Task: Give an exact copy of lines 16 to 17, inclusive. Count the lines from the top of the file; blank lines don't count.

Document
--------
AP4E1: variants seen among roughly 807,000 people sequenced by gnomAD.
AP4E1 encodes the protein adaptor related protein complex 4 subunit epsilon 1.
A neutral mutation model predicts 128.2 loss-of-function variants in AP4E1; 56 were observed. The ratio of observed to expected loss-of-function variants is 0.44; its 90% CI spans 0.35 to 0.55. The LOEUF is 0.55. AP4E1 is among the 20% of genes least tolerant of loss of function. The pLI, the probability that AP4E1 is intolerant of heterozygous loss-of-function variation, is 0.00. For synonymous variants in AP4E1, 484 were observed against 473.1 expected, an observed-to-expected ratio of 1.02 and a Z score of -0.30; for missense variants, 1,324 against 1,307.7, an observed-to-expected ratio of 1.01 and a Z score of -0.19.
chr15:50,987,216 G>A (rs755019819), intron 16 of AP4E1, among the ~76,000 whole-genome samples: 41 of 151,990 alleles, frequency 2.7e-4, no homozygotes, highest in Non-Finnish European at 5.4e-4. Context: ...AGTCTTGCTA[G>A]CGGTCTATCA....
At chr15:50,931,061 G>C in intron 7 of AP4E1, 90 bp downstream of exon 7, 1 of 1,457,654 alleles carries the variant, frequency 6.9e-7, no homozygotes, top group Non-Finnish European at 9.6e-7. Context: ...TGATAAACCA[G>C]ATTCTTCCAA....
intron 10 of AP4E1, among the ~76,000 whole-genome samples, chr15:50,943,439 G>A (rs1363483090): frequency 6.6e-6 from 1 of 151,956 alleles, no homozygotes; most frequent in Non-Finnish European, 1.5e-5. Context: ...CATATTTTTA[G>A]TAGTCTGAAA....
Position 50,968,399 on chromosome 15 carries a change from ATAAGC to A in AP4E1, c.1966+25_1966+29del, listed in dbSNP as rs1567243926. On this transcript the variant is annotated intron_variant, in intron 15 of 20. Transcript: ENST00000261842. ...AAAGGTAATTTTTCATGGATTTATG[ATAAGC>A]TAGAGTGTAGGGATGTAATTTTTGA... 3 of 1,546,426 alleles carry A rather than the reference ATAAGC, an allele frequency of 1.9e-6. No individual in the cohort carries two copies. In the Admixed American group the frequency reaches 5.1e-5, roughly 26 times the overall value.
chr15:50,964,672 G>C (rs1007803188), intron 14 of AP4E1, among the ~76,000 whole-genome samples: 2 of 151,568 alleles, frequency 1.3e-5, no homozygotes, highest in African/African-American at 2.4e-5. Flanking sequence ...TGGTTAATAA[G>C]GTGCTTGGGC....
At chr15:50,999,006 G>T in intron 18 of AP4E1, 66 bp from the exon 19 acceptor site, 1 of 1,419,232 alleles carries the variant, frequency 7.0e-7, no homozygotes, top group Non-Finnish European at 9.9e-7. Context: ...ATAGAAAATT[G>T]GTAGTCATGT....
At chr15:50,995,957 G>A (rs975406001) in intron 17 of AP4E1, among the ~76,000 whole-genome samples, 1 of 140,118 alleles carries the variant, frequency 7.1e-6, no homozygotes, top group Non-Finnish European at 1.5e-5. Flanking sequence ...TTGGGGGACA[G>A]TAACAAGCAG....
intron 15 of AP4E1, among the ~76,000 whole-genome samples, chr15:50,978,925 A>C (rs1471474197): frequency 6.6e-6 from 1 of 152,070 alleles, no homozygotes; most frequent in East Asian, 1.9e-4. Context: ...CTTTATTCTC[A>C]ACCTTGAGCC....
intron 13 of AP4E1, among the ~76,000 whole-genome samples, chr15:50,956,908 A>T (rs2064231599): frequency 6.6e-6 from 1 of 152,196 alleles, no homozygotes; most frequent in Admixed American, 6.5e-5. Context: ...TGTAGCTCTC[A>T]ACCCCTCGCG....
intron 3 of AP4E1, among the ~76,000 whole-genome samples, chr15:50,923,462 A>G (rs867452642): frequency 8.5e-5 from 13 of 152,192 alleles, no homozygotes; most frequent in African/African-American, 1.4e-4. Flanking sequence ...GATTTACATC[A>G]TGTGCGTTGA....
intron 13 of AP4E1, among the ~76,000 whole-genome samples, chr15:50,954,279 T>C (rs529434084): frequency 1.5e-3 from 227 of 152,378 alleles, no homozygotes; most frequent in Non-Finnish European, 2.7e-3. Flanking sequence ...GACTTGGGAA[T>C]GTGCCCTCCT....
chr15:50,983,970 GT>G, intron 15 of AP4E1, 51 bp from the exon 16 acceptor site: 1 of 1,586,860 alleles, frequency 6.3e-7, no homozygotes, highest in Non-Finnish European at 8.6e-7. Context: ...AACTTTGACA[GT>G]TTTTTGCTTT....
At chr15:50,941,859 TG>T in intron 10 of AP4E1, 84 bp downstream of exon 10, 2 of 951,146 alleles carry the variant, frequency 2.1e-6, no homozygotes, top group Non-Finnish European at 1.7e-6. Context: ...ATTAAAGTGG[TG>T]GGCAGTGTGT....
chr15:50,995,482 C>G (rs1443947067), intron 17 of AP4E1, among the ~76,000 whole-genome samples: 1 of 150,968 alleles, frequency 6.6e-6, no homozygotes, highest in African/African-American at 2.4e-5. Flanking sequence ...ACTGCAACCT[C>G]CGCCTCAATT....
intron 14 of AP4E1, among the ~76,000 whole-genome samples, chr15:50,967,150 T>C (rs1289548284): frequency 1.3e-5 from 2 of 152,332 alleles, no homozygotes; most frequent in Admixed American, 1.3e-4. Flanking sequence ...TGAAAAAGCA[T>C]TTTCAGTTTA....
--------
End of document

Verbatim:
At chr15:50,941,859 TG>T in intron 10 of AP4E1, 84 bp downstream of exon 10, 2 of 951,146 alleles carry the variant, frequency 2.1e-6, no homozygotes, top group Non-Finnish European at 1.7e-6. Context: ...ATTAAAGTGG[TG>T]GGCAGTGTGT....
chr15:50,995,482 C>G (rs1443947067), intron 17 of AP4E1, among the ~76,000 whole-genome samples: 1 of 150,968 alleles, frequency 6.6e-6, no homozygotes, highest in African/African-American at 2.4e-5. Flanking sequence ...ACTGCAACCT[C>G]CGCCTCAATT....